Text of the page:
2

According to Aryeh Kaplan in his introduction to the Bahir, R Nehunia Ben Hakana is from Ammaus (Emmaus). This is also indicated on the Jewish Virtual Encyclopedia and Wikipedia. None of these sources seem to show where this factoid about Hakana's place of origin comes from. Searches on Sefaria have not been fruitful either. Does anyone know?

2

This idea is brought by Rabbi Prof. Shmuel Klein in his book "Eretz Yehudah" (Land of Judah), pg. 94, footnote 11 as part of a hypothesis suggested by Avraham Geiger. He refers also to his own essay in "Leshonenu" vol. 1, pg. 338, where he wrote (my translation):

"Ben Hakanah: Nechuniyah...man of Emmahus1 lived during the time of the Temple. It's quite possible that, as was already theorized, he (or his father) was of the sect of the Zealots (Kana'im).2

As basis for Rabbi Nechuniyah's hometown, he refers to Midrash Tannaim, pg. 175 where it says:

"שאל תלמיד אחד את ר' נחוניא בן הקנה איש אמהום..."

Translation: "A student asked R' Nechunyah ben Hakanah, man of Emmahum..."

In the footnote on "Emmahum", Rabbi Hoffman noted that it should read "Emmaus".

Note: The Jewish Virtual Library writes that the source for this claim is in Tanchuma on Devarim 26:13, but I've checked both the Buber and regular editions and couldn't find any mention of this there.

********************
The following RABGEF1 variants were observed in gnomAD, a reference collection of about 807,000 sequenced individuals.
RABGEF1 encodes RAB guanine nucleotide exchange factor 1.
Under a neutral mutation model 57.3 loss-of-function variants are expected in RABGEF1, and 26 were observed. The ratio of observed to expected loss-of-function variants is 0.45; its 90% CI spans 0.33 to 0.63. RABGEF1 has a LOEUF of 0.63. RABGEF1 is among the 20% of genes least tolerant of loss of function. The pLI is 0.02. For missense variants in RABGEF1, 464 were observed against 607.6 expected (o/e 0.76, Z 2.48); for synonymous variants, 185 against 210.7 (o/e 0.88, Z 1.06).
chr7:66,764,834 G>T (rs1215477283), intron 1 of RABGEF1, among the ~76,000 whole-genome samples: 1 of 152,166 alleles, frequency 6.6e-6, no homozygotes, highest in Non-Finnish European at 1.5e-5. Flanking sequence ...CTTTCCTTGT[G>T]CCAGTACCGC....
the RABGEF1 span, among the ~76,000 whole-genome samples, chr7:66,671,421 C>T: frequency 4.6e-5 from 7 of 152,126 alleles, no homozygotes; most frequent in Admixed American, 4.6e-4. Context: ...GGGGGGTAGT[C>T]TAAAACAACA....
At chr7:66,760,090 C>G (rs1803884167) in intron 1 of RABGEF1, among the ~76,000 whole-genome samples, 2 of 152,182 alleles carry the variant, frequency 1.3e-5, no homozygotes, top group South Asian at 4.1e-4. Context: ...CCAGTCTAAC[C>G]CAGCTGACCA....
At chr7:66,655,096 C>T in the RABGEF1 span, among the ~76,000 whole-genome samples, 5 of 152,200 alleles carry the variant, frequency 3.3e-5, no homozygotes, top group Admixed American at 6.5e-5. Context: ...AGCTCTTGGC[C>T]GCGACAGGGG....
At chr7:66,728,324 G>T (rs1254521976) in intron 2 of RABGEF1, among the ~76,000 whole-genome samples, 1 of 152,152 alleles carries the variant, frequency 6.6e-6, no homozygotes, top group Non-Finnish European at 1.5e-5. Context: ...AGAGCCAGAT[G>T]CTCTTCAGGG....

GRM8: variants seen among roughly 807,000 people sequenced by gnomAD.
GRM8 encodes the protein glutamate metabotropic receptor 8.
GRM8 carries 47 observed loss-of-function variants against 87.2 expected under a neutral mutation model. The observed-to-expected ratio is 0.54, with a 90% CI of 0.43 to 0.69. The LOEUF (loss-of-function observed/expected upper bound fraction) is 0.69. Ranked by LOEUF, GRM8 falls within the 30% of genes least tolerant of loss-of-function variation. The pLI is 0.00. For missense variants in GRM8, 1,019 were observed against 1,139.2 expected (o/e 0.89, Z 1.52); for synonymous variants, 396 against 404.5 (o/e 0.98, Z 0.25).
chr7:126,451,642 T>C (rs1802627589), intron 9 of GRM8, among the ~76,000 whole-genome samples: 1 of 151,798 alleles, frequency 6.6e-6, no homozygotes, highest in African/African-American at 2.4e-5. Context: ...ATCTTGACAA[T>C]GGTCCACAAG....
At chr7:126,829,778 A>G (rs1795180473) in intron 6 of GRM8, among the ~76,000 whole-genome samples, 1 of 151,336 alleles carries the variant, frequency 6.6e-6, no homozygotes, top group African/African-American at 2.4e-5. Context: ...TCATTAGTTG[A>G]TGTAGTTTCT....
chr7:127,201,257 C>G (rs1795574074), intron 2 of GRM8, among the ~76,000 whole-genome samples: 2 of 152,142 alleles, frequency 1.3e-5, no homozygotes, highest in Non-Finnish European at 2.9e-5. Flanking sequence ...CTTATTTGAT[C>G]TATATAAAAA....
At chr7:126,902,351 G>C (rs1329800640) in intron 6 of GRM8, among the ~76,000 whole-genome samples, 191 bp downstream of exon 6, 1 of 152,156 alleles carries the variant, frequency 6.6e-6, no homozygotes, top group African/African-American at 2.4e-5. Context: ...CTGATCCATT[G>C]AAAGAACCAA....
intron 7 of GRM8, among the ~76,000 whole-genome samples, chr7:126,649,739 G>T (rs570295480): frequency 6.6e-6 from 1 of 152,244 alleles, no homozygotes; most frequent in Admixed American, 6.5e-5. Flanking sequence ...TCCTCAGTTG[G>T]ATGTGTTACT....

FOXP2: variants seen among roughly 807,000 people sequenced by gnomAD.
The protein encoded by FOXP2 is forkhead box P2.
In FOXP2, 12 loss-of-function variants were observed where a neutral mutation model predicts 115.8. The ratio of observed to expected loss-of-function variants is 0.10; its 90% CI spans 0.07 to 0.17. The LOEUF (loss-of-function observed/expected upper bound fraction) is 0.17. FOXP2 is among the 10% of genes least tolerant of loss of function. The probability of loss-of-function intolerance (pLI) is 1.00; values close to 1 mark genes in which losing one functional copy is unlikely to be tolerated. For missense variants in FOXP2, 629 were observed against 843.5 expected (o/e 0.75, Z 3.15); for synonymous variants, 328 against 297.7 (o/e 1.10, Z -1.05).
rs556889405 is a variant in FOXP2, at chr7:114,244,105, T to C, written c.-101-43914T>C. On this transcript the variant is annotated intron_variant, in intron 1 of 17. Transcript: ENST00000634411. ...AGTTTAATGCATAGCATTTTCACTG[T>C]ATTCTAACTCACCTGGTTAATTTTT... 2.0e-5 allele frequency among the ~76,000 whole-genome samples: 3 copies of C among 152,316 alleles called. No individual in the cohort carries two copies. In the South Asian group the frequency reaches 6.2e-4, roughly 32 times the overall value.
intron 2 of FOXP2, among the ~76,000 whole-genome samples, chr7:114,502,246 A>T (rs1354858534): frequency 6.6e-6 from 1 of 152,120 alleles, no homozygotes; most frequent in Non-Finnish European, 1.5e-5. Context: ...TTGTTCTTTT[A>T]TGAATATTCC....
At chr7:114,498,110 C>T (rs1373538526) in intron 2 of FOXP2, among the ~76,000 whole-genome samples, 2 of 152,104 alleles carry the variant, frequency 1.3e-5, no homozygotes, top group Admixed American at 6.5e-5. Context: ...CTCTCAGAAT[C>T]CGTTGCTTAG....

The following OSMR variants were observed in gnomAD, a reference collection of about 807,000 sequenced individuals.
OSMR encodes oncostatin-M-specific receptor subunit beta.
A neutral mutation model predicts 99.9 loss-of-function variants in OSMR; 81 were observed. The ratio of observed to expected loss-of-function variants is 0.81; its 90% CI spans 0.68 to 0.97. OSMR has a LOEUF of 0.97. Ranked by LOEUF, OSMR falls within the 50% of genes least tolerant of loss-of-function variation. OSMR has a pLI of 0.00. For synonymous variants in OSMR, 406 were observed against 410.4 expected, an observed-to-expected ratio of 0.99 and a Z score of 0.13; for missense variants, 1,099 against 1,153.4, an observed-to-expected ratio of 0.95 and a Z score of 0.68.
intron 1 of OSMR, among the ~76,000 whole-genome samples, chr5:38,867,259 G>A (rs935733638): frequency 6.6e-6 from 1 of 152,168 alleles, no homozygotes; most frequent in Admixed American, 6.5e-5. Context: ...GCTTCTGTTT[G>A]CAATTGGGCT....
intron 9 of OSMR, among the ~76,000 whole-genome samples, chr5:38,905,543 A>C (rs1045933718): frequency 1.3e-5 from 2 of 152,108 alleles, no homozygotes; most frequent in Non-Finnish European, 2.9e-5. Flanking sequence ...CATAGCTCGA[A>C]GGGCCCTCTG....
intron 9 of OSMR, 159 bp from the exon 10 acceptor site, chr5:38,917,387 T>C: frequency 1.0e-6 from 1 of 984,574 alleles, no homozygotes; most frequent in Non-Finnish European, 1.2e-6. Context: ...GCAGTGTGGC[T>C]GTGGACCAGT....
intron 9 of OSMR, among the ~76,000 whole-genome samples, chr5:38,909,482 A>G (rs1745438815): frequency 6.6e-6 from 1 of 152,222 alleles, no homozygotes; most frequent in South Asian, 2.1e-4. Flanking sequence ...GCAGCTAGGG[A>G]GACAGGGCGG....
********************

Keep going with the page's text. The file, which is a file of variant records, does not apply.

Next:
1 Not a typo in the essay itself. See Rabbi Hoffman's footnote.

2 In his essay in "Leshonenu", vol. 2, pg. 260, he went back on this idea and concluded that it was more likely that the term "Hakanah" was not a reference to zealous origins, as it's always written with a Heh at the end and not an Alef (קנה and not קנא). He suggests it may have been related to the saying "A person should always be soft like a reed, and he should not be stiff like a cedar." (Taanit 20a); "reed" in Hebrew being "קנה" (kaneh).

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